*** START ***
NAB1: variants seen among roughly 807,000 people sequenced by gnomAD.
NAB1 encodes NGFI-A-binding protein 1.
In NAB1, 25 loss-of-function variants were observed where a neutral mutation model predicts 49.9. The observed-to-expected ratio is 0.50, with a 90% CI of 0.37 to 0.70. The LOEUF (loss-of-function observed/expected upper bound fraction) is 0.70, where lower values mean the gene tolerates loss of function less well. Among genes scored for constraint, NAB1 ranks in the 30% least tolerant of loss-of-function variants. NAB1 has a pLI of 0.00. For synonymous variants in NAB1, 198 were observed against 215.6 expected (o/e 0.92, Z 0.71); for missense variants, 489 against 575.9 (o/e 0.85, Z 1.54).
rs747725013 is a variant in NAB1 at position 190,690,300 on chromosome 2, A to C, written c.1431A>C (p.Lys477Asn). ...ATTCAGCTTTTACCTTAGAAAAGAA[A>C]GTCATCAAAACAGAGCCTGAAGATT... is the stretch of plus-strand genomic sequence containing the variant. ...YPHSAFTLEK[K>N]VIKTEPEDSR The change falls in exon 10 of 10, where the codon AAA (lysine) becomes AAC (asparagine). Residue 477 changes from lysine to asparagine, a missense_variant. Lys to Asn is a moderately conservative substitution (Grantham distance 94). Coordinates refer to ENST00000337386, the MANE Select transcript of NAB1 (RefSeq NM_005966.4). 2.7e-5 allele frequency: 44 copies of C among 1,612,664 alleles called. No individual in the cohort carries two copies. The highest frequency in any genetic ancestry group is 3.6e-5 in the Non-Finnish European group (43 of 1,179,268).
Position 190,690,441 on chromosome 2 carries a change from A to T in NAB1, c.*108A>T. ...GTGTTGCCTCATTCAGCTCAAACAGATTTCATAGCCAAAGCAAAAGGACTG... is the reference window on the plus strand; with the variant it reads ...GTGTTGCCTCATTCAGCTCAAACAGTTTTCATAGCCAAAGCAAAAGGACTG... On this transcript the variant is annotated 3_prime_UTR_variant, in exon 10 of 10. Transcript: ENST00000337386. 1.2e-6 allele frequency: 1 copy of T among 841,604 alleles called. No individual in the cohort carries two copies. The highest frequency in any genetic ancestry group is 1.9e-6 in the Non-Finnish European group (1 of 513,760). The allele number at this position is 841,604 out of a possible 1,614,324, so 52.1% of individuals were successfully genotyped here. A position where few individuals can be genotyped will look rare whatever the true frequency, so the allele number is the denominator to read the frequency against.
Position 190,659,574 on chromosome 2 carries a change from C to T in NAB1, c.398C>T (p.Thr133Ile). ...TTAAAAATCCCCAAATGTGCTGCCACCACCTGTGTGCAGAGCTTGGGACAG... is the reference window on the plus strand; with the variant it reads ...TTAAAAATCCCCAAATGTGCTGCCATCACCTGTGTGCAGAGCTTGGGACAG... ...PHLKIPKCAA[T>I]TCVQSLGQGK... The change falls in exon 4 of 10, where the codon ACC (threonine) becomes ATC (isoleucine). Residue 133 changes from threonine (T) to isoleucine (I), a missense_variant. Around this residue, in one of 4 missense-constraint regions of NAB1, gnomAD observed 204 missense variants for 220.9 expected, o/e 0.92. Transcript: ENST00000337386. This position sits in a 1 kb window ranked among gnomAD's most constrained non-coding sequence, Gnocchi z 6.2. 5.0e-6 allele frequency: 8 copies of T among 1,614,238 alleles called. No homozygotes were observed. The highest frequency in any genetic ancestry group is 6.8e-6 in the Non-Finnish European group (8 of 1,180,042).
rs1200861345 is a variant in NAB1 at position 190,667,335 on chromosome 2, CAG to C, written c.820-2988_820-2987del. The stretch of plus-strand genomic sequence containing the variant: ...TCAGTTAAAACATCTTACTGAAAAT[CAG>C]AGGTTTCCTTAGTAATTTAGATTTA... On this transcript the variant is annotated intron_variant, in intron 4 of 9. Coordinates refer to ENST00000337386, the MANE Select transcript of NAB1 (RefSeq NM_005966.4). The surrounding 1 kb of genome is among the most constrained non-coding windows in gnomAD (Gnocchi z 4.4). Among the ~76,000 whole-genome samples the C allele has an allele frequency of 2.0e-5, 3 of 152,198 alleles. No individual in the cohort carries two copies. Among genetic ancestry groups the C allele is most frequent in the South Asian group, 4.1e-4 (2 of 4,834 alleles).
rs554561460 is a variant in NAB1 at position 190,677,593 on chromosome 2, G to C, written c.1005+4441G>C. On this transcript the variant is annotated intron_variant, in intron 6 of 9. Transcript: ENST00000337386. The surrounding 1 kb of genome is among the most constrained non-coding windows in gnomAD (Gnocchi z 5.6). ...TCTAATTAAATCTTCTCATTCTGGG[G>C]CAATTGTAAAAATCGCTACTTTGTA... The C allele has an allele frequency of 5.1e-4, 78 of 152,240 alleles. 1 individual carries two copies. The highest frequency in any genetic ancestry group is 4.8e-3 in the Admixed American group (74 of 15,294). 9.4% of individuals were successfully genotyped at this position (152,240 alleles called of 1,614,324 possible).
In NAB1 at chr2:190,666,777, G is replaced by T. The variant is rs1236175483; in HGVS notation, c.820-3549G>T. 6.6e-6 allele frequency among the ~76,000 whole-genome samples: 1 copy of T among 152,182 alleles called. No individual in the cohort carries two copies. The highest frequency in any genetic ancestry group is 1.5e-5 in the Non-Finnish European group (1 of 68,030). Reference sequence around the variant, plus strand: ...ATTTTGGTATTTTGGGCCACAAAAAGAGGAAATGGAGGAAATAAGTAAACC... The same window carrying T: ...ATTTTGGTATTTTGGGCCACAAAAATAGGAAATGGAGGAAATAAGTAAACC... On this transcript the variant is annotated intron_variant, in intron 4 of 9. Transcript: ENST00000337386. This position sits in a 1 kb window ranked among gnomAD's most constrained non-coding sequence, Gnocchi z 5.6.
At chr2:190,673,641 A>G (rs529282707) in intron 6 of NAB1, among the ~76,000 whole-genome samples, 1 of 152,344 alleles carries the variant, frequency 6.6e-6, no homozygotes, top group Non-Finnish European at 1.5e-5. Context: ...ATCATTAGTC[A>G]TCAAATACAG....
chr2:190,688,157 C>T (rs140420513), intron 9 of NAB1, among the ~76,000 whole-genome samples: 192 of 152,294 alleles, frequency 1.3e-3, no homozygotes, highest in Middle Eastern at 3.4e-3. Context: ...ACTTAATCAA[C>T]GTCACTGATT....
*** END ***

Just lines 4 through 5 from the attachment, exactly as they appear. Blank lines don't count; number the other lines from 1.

rs747725013 is a variant in NAB1 at position 190,690,300 on chromosome 2, A to C, written c.1431A>C (p.Lys477Asn). ...ATTCAGCTTTTACCTTAGAAAAGAA[A>C]GTCATCAAAACAGAGCCTGAAGATT... is the stretch of plus-strand genomic sequence containing the variant. ...YPHSAFTLEK[K>N]VIKTEPEDSR The change falls in exon 10 of 10, where the codon AAA (lysine) becomes AAC (asparagine). Residue 477 changes from lysine to asparagine, a missense_variant. Lys to Asn is a moderately conservative substitution (Grantham distance 94). Coordinates refer to ENST00000337386, the MANE Select transcript of NAB1 (RefSeq NM_005966.4). 2.7e-5 allele frequency: 44 copies of C among 1,612,664 alleles called. No individual in the cohort carries two copies. The highest frequency in any genetic ancestry group is 3.6e-5 in the Non-Finnish European group (43 of 1,179,268).
Position 190,690,441 on chromosome 2 carries a change from A to T in NAB1, c.*108A>T. ...GTGTTGCCTCATTCAGCTCAAACAGATTTCATAGCCAAAGCAAAAGGACTG... is the reference window on the plus strand; with the variant it reads ...GTGTTGCCTCATTCAGCTCAAACAGTTTTCATAGCCAAAGCAAAAGGACTG... On this transcript the variant is annotated 3_prime_UTR_variant, in exon 10 of 10. Transcript: ENST00000337386. 1.2e-6 allele frequency: 1 copy of T among 841,604 alleles called. No individual in the cohort carries two copies. The highest frequency in any genetic ancestry group is 1.9e-6 in the Non-Finnish European group (1 of 513,760). The allele number at this position is 841,604 out of a possible 1,614,324, so 52.1% of individuals were successfully genotyped here. A position where few individuals can be genotyped will look rare whatever the true frequency, so the allele number is the denominator to read the frequency against.